What has happened?

The European Union has today announced ‘agreement in principle’ with the United States on a new data transfer framework, intended to replace the Privacy Shield framework that was struck down in the 2020 Schrems II decision of the Court of Justice of the European Union.

The agreement was announced in a joint press conference between European Commission President von der Leyen and U.S. President Biden and comes at a time when the two sides are keen to demonstrate a close political alliance in light of broader world events.

What does the agreement say?

At this moment in time, we have very little information about the substance of the agreement, and no draft legal text has been released (or, to our knowledge, prepared).  Rather, the announcement is an indication that the parties have found common ground on the outline of a deal.  The legal detail is still to be ironed out.

Whilst the EU Commission has the absolute power to adopt an adequacy decision for a new US data transfer framework, under the comitology procedure the Commission will have to consult on the draft decision first and will also take into account the views of the European Data Protection Board.  Ultimately, the EU Commission is likely to be most concerned about the potential for legal challenge of the deal – a Schrems III scenario – and is unlikely to want to adopt anything that it feels stands a material chance of being overturned by the CJEU.

What are the difficulties with a new data transfer framework?

The main challenge will be for the EU and the U.S. is to demonstrate that the agreement provides for ‘effective legal remedies’ that can be exercised by EU data subjects in circumstances where their personal data is accessed by U.S. intelligence agencies.  The interpretation of the CJEU is that these effective legal remedies must equate to judicial remedies.  The administrative solution of an ‘Ombudsperson’ under Privacy Shield was found to be inadequate in this respect.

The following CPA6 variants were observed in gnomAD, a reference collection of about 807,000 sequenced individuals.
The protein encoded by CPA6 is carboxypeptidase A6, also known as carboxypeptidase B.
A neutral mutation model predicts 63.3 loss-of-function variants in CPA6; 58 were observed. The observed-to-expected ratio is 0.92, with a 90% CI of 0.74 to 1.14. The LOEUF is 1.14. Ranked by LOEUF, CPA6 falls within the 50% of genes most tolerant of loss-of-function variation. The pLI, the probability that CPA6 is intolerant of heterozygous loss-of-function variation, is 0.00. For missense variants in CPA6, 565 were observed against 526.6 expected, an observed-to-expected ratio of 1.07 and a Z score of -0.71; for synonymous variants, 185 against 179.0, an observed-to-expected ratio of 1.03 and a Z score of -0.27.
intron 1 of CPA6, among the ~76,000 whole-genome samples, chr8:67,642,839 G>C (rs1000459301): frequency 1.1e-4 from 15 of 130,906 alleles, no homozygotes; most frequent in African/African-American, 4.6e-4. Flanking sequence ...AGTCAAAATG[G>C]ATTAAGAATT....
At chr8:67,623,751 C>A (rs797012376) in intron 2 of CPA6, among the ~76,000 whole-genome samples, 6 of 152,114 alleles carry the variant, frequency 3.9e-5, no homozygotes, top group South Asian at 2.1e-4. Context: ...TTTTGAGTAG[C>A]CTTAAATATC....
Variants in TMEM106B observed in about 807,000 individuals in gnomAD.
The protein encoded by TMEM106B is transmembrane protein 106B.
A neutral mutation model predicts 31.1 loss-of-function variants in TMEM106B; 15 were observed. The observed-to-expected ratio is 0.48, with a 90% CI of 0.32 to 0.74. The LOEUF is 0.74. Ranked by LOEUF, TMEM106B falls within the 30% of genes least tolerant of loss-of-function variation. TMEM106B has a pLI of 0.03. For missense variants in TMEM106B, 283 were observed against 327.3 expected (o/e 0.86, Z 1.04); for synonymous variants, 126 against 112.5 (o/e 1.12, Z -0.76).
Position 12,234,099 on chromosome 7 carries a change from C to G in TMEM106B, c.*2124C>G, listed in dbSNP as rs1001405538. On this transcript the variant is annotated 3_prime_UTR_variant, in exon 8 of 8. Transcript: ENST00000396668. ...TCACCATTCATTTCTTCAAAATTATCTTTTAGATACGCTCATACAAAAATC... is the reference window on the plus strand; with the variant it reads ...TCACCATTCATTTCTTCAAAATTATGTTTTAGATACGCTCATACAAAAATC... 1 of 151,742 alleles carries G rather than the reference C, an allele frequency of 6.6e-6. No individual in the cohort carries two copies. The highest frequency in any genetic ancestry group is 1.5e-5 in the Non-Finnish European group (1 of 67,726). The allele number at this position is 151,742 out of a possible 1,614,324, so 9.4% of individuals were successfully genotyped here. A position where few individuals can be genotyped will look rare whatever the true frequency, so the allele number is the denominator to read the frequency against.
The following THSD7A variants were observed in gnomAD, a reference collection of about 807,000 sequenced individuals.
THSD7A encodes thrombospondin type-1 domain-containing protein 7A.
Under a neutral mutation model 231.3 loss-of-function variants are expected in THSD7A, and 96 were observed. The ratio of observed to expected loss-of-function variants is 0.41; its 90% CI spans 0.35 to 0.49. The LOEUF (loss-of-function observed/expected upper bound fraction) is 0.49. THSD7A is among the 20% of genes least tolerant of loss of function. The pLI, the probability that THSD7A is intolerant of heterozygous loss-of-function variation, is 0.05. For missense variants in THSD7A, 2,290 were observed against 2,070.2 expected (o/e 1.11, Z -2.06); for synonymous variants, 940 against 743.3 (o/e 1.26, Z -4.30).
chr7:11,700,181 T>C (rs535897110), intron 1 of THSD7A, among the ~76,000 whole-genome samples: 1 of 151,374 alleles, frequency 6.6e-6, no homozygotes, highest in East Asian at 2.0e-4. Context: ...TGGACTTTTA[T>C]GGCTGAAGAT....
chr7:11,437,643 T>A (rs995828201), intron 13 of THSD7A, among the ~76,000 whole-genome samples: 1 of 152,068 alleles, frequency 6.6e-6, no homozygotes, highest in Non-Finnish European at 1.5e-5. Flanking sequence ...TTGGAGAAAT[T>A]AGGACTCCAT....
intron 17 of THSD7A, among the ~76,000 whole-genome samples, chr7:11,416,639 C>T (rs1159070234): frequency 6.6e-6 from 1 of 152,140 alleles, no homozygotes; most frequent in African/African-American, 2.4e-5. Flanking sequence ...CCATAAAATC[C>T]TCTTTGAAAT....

However, the difficulties for an EU data subject to obtain judicial redress against the U.S. Government in relation to surveillance activities are acknowledged to be considerable, and the parties will need to work hard to find a convincing solution to this challenge.

What do I need to do now?

For the time being then, nothing fundamental has changed.  The legal position for transfers of personal data from the EU remains the same as it has been since July 2020 – Privacy Shield is no longer a mechanism for transferring personal data to the United States, and transfers made under ‘appropriate safeguards’ (such as the standard contractual clauses’) must be accompanied by an assessment of extent to which the transfer provides for an adequate level of protection (a so-called ‘data transfer impact assessment’).

For businesses operating in the UK, it is worth remembering that the UK Government has included the United States of America on its ‘priority list’ for future ‘UK data partnerships’ now that the UK Government has independent powers to issue its own adequacy decisions under the UK GDPR.  It will be interesting to observe how any such UK decision plays out, in particular now that the UK is no longer subject to the jurisdiction of the CJEU.

In summary, organisations will need to continue to watch this space.  One thing, however, is clear – namely that developments in the ever-changing world of international data transfers show no sign of slowing down.

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